Share on Facebook
Share on Twitter
E-mail this article
Print this Article

Opposition to a liquor store slated to open in August near Westlake High School dominated the Charles County commissioners’ monthly public forum Tuesday.

Twenty incredulous Waldorf and White Plains residents came to protest the location of Cheers liquor store, which will be in a shopping center on Middletown Road near its intersection with Smallwood Drive and within easy walking distance of both the high school and a nearby day care center.

Under current rules, liquor stores cannot be within 500 feet of a school. Cheers will be 506 feet from Westlake.

Westlake Principal Chrystal Benson was among those who spoke against a liquor store “next door” to the school.

“Each day, over 1,500 students and 150 staff members trust me to keep them safe and make decisions in their best interest,” Benson said. “Allowing a liquor store to be placed 506 feet … from Westlake High School is not a decision that is in the best interest of our students, staff and community.”

Benson said she was disappointed to find that liquor stores are only required to notify residents and post a sign at the front of the store if they are located within 500 feet of a school.

“I don’t read the paper to see who applied for a liquor license, and I don’t travel construction sites looking for the next new liquor store,” she said. “Although the letter of the law was followed by the liquor board, the spirit of the law was not.”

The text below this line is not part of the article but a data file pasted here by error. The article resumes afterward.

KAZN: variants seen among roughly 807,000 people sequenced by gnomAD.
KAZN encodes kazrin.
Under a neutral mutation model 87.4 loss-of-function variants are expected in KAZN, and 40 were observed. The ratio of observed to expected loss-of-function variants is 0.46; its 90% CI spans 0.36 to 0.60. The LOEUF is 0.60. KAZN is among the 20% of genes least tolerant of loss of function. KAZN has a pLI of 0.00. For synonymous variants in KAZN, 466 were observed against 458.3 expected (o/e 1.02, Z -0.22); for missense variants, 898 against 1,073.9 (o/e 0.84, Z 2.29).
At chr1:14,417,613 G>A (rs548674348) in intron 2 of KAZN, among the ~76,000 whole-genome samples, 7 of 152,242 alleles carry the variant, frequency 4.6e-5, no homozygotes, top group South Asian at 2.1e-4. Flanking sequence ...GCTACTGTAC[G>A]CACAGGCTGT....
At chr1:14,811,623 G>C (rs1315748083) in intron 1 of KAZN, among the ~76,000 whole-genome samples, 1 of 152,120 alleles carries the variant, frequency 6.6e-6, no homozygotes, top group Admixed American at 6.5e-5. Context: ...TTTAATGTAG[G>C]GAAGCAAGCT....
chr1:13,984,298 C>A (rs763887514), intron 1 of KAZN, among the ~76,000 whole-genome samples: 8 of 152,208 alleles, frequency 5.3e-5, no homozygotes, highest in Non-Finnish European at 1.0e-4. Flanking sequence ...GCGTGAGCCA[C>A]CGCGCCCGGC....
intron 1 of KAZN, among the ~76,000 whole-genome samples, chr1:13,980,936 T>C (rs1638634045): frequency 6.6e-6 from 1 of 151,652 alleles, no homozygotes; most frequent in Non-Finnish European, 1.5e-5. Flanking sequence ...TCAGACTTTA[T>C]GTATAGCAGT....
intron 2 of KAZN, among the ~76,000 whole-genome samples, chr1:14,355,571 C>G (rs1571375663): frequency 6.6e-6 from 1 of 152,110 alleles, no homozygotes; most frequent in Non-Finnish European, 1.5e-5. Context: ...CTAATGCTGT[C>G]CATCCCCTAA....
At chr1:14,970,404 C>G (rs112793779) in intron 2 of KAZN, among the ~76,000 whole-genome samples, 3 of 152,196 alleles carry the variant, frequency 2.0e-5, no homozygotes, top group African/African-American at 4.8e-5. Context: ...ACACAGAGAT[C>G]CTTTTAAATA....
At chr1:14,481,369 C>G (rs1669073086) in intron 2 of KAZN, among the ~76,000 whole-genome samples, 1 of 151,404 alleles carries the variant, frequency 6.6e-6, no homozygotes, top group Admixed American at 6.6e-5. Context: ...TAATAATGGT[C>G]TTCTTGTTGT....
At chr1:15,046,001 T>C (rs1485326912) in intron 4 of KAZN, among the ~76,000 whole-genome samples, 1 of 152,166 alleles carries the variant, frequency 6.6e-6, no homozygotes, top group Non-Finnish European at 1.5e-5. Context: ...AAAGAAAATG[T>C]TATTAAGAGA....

Acknowledging that the store’s owners appeared to have followed the proper procedures in applying for the license, several residents instead seemed irked that the law allows for a liquor store so close to a school and that the amount of public notice required is easily overlooked.

“Who thought this was a good idea, and why are they going to put a liquor store near a high school and a day care center?” White Plains resident Charles Radford asked the commissioners. “The kids want to get the liquor, and you’re putting this right next to Westlake? You know what’s going to happen. You’re opening the door for trouble, and that school’s already got enough problems as it is. It was a bad idea; it was not thoughtfully, in my opinion, thought through.”

Commissioners’ Vice President Reuben B. Collins II (D) reminded the audience that the liquor board alone awards liquor licenses, and that he and his colleagues are not involved in the process.

In a follow-up interview, Collins said the residents’ comments were “legitimate” and “on point.”